Yes, the pain was unbearable, the spinal tap was just to check my pressure, it was a one time thing.

ok got it thx

Thanks for all the material, I am studying the question. I apparently don’t have symptoms of autoimmune ganglionopathy, apart from a possible autonomic dysfunction but I’m taking a look.

Yes, I’ve had a finding of abnormal pituitary activity when I was a “mild” case. At that time I only had physical problems, e.g. muscle wasting/worsening with exercise, until rechallenge years later after which I severely crashed and developed severe neurological and sexual symptoms, and progressive atrophic changes. I have not had an MRI since.

I’ve given some thoughts in the literature review awor and myself provided in 2020 if you’re interested. O’Reilly et al. provided an important paper determining a role of androgen signaling in CSF pressure in IIH patients, and further demonstrated this in animal cell modelling:

"A central and potentially causative role of androgen signaling was recently demonstrated in idiopathic intracranial hypertension (IIH), which entails an increase of CSF pressure. O’Reilly et al. identified a pattern of androgen excess in female IIH patients. Like human choroid plexus, rat cells expressed AR along with androgen-metabolising enzymes. It was demonstrated that testosterone drove CSF output in rodent choroid plexus cells ​(O’Reilly et al., 2019)​. O’Reilly et al. noted that while a determinant role for androgens in IIH may seem biologically implausible considering IIH occurs less frequently in men, androgens are now known to exert sexually dimorphic effects on metabolism. The metabolic phenotype of hypogonadal men resembles that of women with androgen excess, including an increased risk of type 2 diabetes, non-alcoholic fatty liver disease and cardiovascular mortality ​(Ding et al., 2006; Kautzky-Willer et al., 2016)​. O’Reilly et al. suggest epigenetic modifications to local androgen action or differences in AR signaling in both sexes as a plausible explanation, with IIH potentially representing a distinctive manifestation of these sex specific differences ​(O’Reilly et al., 2019)​.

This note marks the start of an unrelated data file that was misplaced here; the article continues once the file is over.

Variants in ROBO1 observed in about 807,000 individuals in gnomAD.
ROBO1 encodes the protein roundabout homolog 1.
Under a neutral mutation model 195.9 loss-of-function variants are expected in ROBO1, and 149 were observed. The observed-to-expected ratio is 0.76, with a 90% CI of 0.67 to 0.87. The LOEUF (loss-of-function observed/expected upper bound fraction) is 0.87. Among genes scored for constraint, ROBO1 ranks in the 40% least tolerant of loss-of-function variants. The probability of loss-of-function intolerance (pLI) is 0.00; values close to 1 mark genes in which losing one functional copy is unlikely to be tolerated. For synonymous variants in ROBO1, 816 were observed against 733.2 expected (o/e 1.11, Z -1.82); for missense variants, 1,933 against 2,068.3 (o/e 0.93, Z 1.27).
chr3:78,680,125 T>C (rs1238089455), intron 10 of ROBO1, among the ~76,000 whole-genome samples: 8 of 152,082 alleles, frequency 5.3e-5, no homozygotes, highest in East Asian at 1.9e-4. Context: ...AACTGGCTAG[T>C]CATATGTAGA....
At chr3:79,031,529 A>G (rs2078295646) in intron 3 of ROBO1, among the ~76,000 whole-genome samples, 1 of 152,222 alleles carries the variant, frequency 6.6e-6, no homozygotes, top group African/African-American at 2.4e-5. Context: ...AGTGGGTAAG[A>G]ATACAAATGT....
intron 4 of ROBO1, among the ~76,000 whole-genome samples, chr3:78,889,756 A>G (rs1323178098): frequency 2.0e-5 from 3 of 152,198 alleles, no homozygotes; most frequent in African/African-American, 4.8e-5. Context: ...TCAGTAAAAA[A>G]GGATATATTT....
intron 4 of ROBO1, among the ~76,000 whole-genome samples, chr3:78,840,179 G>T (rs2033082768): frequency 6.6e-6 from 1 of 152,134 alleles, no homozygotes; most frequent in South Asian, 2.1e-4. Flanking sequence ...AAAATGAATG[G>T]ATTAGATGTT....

Interestingly, male IIH patients are more likely to have symptoms typically associated with androgen insufficiency including obstructive sleep apnoea, erectile dysfunction and loss of libido ​(Fraser et al., 2010)​. As well, androgen deprivation therapy or hypogonadism can induce IIH symptomatology ​(Valcamonico et al., 2013)​. Although in males the metabolic parabola of AR signaling is shifted far to the right compared with females ​(Ding et al., 2006; Morford et al., 2018)​, significant increases in AR signaling in men are likely to recapitulate this symptomatology, and we therefore consider it plausible IIH occurs in PFS and contributes to commonly reported symptoms, including feelings of intense pressure in the head.